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If you're homeless, or think you might soon become homeless then your local authority might have a duty to re-house you under homelessness regulations.

If you're homeless, or think you might soon become homeless then your local authority might have a duty to re-house you under homelessness regulations.

For this to happen you'll need to satisfy five tests which consist of the following conditions:

  • You need to be homeless or will lose your home in 28 days.
  • You need to be eligible for assistance: you won't be eligible if you are a ‘person from abroad’ who is subject to immigration control and has “no recourse to public funds”, an EEA national who does not have a right to reside and is not deemed habitually resident for housing and benefits purposes or a UK national returning from living abroad who is not deemed “habitually resident”.
  • You need to be 'in priority need'. HA 1996 s189 states that:-

    (1) The following have a priority need for accommodation-
    (a) A pregnant woman or a person with whom she resides or might reasonably be expected to reside;
    (b) A person with whom dependant children reside or might reasonably be expected to reside;
    (c) A person who is vulnerable as a result of old age, mental illness, handicap or physical disability or other special reason or with whom such a person resides or might reasonably be expected to reside;
    (d) A person who is homeless or threatened with homelessness as a result of an emergency, such as flood, fire or other disaster'

To be deemed priority need on health grounds, local authorities have become much stricter in how they apply the test in recent years and it may be that in certain cases people who have a manageable or chronic illness may be not deemed to be in priority need. In many areas if your only health problem is managed HIV, even if this requires medication, then you are unlikely to be deemed to have a priority need for this reason alone.

  • You are not intentionally homeless; that is, you are homeless not because you deliberately did or failed to do something which resulted in you losing your accommodation.
  • You need to have a connection with the local authority where you are making the application. You may have a local connection if you live or work in the area, or if 'there are other special circumstances', which is where a local authority must exercise its discretion.

If you satisfy all the above requirements, the local authority will have a duty to house you. If you don't, it will only have a duty to advise you.

If you need to talk these things through, get in contact with THT Direct.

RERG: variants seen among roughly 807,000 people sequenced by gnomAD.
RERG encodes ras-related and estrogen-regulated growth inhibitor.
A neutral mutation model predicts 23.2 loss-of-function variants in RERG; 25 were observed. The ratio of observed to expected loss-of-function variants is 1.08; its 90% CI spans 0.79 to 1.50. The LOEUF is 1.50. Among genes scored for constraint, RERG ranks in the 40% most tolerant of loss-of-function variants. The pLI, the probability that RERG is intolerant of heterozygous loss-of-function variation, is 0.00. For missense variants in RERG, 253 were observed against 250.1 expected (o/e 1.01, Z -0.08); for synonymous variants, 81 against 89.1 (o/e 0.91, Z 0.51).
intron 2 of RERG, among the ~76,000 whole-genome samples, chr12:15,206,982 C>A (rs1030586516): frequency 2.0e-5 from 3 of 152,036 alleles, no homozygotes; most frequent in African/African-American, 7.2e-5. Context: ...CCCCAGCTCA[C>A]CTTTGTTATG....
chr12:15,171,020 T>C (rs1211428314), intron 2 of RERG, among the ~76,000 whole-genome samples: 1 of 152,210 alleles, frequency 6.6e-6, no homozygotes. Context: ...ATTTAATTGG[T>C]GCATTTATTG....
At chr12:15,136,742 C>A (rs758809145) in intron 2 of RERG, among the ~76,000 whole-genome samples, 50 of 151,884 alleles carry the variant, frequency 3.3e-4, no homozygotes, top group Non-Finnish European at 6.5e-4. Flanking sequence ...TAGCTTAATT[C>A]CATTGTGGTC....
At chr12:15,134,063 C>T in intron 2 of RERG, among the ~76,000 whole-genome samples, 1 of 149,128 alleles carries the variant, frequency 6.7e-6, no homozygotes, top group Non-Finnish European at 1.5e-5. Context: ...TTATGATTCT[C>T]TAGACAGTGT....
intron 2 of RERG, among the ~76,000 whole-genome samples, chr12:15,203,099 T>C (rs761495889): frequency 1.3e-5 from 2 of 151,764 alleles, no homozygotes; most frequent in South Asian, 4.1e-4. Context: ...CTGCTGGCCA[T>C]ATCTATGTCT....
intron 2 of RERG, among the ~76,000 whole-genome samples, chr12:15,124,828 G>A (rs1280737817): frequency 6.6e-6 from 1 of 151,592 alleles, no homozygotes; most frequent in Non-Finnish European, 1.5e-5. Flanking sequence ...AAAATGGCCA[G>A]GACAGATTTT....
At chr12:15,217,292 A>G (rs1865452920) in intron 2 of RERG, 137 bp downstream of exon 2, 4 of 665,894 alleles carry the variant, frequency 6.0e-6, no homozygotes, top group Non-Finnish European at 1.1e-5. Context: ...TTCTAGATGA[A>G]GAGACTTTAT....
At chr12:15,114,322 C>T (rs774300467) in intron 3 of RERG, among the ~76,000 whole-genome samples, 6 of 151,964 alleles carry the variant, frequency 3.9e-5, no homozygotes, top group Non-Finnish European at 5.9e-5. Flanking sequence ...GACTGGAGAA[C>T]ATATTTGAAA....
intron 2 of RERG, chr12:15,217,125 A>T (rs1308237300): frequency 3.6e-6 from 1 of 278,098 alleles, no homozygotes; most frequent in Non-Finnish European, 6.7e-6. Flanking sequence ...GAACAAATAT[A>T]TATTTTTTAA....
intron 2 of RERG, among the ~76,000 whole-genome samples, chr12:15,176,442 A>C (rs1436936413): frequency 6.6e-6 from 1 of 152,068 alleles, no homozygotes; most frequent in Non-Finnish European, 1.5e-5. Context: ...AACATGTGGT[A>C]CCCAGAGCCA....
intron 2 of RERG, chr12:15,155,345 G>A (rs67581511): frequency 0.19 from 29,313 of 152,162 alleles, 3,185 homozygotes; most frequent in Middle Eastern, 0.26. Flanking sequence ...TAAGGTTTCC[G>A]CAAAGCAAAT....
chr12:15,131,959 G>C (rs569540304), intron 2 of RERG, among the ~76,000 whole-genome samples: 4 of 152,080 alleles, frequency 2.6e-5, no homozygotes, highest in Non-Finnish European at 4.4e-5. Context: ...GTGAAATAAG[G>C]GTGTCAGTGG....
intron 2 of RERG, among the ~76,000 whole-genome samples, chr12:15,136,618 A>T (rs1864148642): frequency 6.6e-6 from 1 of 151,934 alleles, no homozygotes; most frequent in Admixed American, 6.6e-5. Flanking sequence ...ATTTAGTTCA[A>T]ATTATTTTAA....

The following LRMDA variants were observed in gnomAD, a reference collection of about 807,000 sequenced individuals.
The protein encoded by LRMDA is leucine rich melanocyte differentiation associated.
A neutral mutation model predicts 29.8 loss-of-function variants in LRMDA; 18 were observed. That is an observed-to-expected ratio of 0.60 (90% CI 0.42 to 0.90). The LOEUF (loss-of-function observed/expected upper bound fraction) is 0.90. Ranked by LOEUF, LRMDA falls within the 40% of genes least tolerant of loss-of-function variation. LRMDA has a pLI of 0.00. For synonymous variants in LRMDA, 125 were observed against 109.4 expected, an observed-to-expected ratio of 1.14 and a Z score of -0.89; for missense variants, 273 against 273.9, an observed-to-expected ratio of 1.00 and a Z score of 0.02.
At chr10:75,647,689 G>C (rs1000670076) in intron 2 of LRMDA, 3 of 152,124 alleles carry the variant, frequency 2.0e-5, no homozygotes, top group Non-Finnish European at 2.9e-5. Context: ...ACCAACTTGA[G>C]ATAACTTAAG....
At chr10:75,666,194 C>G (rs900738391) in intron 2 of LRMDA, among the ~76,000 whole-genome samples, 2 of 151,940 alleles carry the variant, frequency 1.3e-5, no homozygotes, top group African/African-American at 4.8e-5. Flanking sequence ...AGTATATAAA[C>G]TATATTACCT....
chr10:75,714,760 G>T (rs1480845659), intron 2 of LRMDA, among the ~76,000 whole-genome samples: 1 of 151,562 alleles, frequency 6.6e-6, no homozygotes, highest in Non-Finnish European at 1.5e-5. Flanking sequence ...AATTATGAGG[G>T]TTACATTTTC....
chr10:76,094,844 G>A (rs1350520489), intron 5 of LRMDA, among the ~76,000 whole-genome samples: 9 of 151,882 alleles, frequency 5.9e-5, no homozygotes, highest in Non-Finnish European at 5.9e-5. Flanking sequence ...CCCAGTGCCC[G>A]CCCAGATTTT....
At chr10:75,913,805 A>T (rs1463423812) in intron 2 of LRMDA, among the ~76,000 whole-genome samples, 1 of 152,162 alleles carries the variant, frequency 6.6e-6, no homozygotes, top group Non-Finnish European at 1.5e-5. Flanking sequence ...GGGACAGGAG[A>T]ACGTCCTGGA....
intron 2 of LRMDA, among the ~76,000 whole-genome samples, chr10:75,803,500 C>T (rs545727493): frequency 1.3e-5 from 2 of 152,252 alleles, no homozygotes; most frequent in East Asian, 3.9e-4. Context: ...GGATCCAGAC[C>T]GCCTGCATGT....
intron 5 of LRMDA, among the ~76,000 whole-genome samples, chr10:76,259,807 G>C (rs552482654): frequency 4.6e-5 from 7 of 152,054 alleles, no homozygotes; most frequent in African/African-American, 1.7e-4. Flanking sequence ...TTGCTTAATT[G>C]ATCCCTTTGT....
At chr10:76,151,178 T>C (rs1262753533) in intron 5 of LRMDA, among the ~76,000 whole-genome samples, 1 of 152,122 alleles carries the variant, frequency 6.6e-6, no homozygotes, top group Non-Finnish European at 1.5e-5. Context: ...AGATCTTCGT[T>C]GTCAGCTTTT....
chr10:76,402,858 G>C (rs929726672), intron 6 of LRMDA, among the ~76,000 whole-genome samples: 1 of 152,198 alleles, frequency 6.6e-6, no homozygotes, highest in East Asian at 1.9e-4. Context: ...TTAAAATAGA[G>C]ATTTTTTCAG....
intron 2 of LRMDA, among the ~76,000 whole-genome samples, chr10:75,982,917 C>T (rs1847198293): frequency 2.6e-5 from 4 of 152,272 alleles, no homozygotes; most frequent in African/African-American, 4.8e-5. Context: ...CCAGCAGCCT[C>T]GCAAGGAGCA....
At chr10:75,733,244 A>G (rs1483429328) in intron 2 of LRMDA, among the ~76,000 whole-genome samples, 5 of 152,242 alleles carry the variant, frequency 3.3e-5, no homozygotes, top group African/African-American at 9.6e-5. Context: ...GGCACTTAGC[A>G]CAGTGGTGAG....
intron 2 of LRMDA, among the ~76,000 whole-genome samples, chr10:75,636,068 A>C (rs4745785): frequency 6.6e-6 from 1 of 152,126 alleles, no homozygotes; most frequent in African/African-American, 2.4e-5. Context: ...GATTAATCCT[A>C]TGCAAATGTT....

Your rights

  • Remember: if you're making a homeless application to the local authority, it has the following duties:
    to investigate
  • to provide housing while it investigates if they have reason to believe you are homeless and in priority need
  • to protect property in certain circumstances.

Your local authority also has a duty to give you a decision in writing. For the decision to be valid it needs to set out your right to ask for a review and the reason for the refusal.

In the event that you are not happy with the decision you should ask for a review within 21 days of the date of the decision. It is important you act as quickly as possible and so at this point we suggest that you call THT Direct who will try to signpost you to housing specialist in your area.

If you are not entitled to be re-housed under the homelessness regulations you should ask the local authority for further advice and look for private rented accommodation. If you don’t have enough money for your deposit you should find out whether your local authority has a guaranteed deposit scheme which may help you with this. You might also be eligible to claim Housing Benefit to help you with your rent. Follow this link for further information on finding accommodation.

Under the new Localism Act 2011 which came into force on 9 November 2012, the local authority will be able to discharge their s193 homelessness duty with an offer of “suitable” accommodation in the private rented sector, you may have to accept this offer or the local authority will be able to discharge their duty to you. This sort of offer may be made if a local authority is not able to offer social housing or feels it meets your housing needs more effectively. The offer of an assured shorthold tenancy in the private rented accommodation has to be for a fixed term of at least 12 months.

There is no review or appeal, unless the offer of accommodation is not suitable. If it is suitable, then you have to accept the offer or make your own alternative arrangements.

If you need support or information, or perhaps just need to talk things through, then contact THT Direct for emotional support.



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The Information Standard: Certified member

This article was last reviewed on 2/5/2013 by T. Kelaart

Date due for the next review: 31/1/2014

Content Author: R. Kaye

Current Owner: R. Kaye

More information:

Astin, Diane. Housing Law: an advisor's handbook 2008 Ch 13, 476-477

Adviceguide - Finding a place to live - 2013